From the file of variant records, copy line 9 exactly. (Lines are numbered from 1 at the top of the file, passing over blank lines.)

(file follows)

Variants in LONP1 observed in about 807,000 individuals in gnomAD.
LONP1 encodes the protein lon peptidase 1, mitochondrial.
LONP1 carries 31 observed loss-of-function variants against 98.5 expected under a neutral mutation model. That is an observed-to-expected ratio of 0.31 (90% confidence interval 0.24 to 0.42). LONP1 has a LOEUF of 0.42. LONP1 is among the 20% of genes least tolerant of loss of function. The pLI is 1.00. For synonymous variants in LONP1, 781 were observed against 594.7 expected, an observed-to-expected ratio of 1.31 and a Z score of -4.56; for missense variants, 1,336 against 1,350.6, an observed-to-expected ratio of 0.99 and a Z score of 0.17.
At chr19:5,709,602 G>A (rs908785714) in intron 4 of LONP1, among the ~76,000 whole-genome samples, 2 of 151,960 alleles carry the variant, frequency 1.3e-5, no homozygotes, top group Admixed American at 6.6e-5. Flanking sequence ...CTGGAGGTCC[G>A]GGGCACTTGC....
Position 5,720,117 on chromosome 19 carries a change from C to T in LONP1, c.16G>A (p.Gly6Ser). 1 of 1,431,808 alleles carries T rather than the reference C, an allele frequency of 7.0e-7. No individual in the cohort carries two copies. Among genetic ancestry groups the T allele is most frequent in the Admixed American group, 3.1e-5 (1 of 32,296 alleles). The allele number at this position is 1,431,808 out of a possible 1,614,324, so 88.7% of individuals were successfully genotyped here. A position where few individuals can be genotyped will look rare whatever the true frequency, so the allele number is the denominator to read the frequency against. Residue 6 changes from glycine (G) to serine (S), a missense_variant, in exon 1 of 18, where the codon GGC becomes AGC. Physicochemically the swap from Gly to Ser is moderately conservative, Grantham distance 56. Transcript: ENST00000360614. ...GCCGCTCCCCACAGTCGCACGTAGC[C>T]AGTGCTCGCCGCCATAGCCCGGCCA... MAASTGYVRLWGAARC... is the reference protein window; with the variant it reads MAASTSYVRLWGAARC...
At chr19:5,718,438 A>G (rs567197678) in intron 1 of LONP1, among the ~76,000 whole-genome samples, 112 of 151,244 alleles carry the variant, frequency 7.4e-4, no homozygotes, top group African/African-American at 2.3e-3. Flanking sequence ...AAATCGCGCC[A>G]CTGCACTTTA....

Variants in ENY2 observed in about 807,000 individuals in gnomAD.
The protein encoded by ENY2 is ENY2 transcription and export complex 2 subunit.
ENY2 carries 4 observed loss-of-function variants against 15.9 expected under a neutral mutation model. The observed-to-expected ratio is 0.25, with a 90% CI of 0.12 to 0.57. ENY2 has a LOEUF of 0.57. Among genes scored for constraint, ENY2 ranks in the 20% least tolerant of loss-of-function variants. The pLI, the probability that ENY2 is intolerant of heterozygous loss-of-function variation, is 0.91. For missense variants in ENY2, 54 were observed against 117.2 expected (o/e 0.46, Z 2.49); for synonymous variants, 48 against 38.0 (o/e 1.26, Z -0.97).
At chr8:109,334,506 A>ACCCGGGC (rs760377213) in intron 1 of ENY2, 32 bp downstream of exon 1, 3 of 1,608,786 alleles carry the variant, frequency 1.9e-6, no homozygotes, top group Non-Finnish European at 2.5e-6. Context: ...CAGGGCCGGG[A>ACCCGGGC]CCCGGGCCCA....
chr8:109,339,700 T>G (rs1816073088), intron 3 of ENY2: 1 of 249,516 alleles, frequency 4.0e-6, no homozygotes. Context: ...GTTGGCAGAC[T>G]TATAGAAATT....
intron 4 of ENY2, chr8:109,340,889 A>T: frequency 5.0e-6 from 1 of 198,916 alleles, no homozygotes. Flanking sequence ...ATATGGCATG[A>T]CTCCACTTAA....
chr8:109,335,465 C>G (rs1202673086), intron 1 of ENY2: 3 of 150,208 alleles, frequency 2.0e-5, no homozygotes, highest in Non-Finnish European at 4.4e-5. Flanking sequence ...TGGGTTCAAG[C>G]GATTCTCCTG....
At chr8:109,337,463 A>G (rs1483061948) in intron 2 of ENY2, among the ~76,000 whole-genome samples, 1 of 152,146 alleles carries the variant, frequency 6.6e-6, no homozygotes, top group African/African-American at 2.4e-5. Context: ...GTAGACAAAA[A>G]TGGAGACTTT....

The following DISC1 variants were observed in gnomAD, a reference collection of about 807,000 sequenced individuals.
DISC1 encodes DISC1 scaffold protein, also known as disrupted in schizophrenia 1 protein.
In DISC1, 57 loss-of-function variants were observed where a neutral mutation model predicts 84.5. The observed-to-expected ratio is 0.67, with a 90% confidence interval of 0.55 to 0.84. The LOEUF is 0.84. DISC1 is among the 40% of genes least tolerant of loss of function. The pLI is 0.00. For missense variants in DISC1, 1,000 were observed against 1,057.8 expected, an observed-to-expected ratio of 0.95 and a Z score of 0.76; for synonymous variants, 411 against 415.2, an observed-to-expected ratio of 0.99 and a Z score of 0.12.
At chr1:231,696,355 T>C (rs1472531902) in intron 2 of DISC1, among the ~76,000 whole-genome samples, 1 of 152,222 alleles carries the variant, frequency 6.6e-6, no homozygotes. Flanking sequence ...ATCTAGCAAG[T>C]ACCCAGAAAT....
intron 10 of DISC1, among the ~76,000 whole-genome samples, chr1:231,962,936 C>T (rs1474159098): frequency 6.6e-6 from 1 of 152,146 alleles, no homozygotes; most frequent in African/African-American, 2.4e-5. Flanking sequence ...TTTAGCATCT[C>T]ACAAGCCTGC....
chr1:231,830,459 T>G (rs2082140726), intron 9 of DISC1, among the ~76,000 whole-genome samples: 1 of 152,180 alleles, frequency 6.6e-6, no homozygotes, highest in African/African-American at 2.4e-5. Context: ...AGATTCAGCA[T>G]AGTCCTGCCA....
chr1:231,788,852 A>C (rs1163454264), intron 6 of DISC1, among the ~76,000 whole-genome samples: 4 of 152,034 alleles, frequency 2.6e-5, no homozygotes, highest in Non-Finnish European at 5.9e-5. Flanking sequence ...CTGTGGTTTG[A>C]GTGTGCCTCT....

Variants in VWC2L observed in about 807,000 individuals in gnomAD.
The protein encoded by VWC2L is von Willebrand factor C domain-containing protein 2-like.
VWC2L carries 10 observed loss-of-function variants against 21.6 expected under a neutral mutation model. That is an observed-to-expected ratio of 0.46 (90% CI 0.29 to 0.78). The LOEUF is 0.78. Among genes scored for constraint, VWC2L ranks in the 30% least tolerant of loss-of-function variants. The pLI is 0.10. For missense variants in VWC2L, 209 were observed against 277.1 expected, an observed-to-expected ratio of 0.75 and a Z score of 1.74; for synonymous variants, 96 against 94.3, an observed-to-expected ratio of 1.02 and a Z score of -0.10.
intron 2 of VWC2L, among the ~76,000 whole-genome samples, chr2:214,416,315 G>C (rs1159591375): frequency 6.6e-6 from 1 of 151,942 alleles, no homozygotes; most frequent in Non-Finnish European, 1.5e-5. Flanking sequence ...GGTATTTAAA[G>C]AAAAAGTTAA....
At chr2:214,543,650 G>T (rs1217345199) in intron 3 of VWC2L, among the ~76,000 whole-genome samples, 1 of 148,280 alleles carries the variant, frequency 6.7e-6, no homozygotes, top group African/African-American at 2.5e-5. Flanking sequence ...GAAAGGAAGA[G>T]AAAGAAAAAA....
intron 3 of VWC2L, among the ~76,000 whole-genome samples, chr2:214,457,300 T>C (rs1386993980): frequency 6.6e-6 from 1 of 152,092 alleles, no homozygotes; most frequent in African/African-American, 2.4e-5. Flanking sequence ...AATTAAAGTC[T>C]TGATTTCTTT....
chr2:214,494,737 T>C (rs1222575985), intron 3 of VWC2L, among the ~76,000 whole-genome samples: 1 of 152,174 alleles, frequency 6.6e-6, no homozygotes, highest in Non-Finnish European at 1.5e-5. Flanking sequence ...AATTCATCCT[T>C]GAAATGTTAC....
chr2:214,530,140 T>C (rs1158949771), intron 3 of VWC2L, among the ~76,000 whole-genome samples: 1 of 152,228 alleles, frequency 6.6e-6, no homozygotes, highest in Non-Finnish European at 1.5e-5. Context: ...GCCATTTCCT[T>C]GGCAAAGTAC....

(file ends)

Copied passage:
ENY2 carries 4 observed loss-of-function variants against 15.9 expected under a neutral mutation model. The observed-to-expected ratio is 0.25, with a 90% CI of 0.12 to 0.57. ENY2 has a LOEUF of 0.57. Among genes scored for constraint, ENY2 ranks in the 20% least tolerant of loss-of-function variants. The pLI, the probability that ENY2 is intolerant of heterozygous loss-of-function variation, is 0.91. For missense variants in ENY2, 54 were observed against 117.2 expected (o/e 0.46, Z 2.49); for synonymous variants, 48 against 38.0 (o/e 1.26, Z -0.97).